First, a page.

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miri makes things

Book words, topology words

Published: 2023-7-25

I like to make books sometimes. Pictured above is the first book sewing pattern I ever made myself, and the book that resulted from it. I have a plan. It involves making a little digital tool so that I can do stuff like design more sewing patterns without running out of mechnical pencil lead.

This will require me to figure out some stuff that involves how book sewing structures work, and that means looking at how thread works, too, and how knots work. This means working with topology and knot theory, which I am extremely familiar with on a practical level and extremely unfamiliar with on an academic level.

But here’s something cool: a mathematical knot is contiguous. As far as I understand, if you held one in your hands, started at a certain point on it, and kept on going so you touched every part of it, you’d always get back to where you started.

And that’s also true of the thread in the book I made above, if you were to rip all of the thread out of that book and hold it in your hands, which, please don’t do that.

A disclaimer: I’m not a topologist or a mathematician. I’m also a hobbyist bookbinder, not a professional one. What this means: I’m almost certainly going to use at least one term wrong at some point. Just roll with it and/or consider these terms idiosyncratic by default.

So, let’s define some terms.

Some book terms

  • Sheet: You know this one.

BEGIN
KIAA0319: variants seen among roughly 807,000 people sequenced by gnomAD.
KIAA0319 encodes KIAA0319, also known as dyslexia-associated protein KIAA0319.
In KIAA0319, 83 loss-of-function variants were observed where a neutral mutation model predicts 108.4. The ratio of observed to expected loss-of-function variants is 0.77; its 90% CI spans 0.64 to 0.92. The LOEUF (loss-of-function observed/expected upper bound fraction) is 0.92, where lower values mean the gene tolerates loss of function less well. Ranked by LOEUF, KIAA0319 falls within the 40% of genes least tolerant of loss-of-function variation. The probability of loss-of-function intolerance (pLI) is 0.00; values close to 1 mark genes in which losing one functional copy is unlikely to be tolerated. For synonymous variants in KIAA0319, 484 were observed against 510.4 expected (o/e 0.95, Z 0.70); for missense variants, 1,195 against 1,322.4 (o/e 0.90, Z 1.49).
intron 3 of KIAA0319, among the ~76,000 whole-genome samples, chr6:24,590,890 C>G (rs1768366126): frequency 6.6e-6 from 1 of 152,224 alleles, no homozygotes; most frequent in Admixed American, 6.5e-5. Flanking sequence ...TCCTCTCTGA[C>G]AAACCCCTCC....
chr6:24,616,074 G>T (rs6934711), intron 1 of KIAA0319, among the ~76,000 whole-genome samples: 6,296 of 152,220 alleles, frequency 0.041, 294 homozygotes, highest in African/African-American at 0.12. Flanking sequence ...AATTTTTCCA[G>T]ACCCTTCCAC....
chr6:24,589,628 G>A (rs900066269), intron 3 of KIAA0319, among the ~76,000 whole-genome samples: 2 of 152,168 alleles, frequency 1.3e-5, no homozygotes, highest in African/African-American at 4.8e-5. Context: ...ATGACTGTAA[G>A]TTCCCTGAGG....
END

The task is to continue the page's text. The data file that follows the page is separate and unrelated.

• Signature: Several sheets stacked and folded together.
    • The book pictured above has five.
    • Metonymically named for the marks binders put on them to keep track of their order and/or origin.
  • Station: Take a needle, put thread on it, poke a hole with it through the cover. That hole is one station.
    • There are technically kinds of stations that have more than one hole but I’m using a simplified definition here.
  • Sewing (n.): In a book sewn with one continuous piece of thread (like with the picture above), I’ll be using the word “sewing” to refer to the gestalt of the stations, holes, thread, and knots that tie the thread to itself.
  • Sewing pattern: The reproducible steps one takes to produce a sewing.

Some math terms

  • Plane: Per Wikipedia, “A flat two-dimensional surface that extends indefinitely”.
    • Because paper is expensive the planes I will be discussing are not infinitely large.
    • If you would like to fund me making an infinitely large book please contact me.
  • Vector: A line segment with a direction. This means it has:
    • A tail / start point.
    • A head / end point.
    • An orientation.
    • A magnitude (how long the line is)
      • The magnitude can be 0, in which case we’re talking about a point that’s technically going somewhere but also never getting there.

In book topology terms: if you take a threaded needle, poke it into a piece of paper, and then back out the other end, the length of thread in between the two holes can be represented as a vector.

Which means I’m pretty sure I’ll be able to get away with treating each book sewing as fundamentally being an ordered array of vectors. There are a lot of exceptions, but that’s for the next post. I’ll also talk about how a book is a planar sandwich, so, get stoked.